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Metal State’s Best of the Best: 2010-2014 #10


In our quest to keep youse guys informed about the best heavy metal has to offer and to stroke our own egos, we have engaged in a no-holds-barred battle royale to decide on the top ten albums of five-year periods flowing backwards from modern times to the years when stock in hairspray and cocaine went hand in hand (i.e. the 80s). Two or three times a week we will reveal a collective pick from the individual nominations, culminating in the best record of each block. Some picks will be obvious, some surprises, all the best the genre has to offer. Enjoy!! Peace Love and Metal!!!


Xerath - II#10: Xerath – II

Progressive Death Metal (UK, 2011)
Nominated by ChristopherMammal

Xerath like to describe their music as cinematic. It matches that description by combining progressive death with extremely melodic metal, richly rounded by the soundtrack style of the keyboards, the vaulted vocal choruses and epic grandeur in the compositions. The solo harsh vocals would be just as well suited to melodic black metal as death, which adds an extra layer of pleasure for me. The guitars, bass and drums, too, are unconstrained by anything formulaic.

The considerable use of keyboards may push Xerath a little too far into prog territory to satisfy the more hardline metalheads completely. My love of prog rock, however, makes Xerath my sort of metal band. There are plenty of dark, almost brutal passages in the music, as well as sections brimming with thrashy groove, but the overall sound of Xerath places great emphasis on melody.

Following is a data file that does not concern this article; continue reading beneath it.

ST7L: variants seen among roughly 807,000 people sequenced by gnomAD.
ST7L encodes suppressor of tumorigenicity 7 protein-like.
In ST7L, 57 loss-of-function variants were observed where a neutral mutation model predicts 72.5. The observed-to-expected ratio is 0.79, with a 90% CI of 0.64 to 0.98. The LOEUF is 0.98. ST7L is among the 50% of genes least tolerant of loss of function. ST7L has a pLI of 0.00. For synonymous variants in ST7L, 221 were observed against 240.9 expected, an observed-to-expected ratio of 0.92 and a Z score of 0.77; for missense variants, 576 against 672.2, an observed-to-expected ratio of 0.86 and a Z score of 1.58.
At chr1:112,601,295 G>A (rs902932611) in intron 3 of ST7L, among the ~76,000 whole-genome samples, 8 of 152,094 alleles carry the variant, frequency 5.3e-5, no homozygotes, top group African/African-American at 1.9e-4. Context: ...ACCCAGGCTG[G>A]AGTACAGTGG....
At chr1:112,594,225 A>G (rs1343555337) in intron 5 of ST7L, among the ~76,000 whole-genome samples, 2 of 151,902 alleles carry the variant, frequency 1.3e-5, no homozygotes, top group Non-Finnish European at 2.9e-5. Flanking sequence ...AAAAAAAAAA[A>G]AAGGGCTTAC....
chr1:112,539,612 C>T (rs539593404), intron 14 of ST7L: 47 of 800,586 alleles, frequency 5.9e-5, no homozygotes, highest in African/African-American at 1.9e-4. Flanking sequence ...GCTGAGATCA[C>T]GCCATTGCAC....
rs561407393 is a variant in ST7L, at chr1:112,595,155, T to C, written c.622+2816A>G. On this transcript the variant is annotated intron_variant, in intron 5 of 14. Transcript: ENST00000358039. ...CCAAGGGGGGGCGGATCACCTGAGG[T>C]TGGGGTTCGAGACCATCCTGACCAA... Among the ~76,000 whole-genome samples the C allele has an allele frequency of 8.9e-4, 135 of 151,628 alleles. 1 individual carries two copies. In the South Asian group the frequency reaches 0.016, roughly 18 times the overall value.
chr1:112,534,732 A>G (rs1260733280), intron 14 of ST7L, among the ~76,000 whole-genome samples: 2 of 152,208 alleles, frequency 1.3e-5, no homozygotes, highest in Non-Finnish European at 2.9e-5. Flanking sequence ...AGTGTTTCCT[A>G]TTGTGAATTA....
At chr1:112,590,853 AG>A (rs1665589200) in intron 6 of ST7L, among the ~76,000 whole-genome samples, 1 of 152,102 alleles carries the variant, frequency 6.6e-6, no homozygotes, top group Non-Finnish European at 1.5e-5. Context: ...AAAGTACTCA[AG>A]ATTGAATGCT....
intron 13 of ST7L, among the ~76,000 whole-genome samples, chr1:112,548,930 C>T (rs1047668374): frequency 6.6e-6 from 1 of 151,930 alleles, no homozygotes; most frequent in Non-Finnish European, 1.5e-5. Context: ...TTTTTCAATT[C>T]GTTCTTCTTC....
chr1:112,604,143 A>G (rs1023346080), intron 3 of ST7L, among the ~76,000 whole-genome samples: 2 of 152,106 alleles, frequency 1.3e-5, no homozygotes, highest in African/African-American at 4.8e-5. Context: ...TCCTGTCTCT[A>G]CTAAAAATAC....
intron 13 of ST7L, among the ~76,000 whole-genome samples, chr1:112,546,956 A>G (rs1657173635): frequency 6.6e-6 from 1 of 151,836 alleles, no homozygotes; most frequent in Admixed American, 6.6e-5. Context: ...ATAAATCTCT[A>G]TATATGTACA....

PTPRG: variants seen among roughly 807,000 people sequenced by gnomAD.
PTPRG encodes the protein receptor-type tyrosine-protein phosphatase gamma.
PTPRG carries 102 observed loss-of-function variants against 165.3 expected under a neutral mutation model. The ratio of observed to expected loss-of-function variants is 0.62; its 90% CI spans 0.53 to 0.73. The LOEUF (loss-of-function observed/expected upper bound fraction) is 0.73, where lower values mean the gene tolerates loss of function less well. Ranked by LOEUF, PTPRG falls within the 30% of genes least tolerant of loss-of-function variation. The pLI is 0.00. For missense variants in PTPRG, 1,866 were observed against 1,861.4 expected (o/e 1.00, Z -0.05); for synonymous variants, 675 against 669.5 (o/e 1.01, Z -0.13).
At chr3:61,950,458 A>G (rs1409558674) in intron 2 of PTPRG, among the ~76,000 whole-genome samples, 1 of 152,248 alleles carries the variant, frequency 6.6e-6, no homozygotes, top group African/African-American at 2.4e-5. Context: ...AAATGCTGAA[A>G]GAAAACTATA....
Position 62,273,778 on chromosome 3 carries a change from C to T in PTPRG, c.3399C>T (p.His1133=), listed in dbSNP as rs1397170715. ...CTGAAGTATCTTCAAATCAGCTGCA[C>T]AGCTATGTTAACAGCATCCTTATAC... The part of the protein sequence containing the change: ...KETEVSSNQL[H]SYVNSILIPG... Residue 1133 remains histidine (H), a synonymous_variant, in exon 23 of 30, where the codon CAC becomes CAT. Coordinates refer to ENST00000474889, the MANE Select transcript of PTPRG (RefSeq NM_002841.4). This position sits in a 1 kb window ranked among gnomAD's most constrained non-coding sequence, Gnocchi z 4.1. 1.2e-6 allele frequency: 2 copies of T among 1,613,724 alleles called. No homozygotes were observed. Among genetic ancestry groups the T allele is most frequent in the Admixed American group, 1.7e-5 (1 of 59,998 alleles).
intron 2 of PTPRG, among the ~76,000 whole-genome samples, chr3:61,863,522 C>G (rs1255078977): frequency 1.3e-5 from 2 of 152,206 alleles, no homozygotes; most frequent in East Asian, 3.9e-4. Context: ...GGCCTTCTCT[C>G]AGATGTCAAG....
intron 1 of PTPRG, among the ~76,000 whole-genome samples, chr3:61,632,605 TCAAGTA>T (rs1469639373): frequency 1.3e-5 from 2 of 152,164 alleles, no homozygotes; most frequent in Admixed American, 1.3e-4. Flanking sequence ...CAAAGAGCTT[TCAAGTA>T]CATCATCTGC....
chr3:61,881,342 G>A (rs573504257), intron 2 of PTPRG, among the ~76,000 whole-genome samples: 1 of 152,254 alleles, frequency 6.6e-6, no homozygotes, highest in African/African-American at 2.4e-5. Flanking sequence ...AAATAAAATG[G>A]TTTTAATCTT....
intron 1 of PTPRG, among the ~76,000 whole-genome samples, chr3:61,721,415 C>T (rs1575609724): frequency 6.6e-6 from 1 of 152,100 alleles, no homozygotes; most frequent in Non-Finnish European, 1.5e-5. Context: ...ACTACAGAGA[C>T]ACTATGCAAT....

What I’ve written describes all three of Xerath’s albums. Their debut album in 2009 bowled me over. So did their third album, released last year. All of their music is terrific. What swung my pendulum towards their second album is the mighty opening track, “Unite to Defy”. It’s one of my favourite metal songs of this century.


Album Review: Def-Con-One – II

SC 235-2 DEF-CON-ONEThe opening riff in H8 Ball reminds me of a familiar Pantera riff.  The similarity kind of ends there as the song evolves, but that particular riff gives me an early Pantera feeling.  Besides, there are tons of worse bands to be compared to; Pantera is surely a complement.  Unlike many opening thrash songs that are fast and pulse pounding, this one is more calculated, slow, and bone crushing.  II is the name of Def-Con-One’s second studio album.  It’s a simple enough title broadly indicating the sophomore effort, but does it hold its own weight against their debut, one that was given the nod of approval two years ago here on A Metal State of Mind?  In short, yes.  Their debut was described as a militaristic style with its machine gun double bass and tight riffing.  II offers a similarly intense level of ferocity as Warface, but it’s packaged a bit differently.

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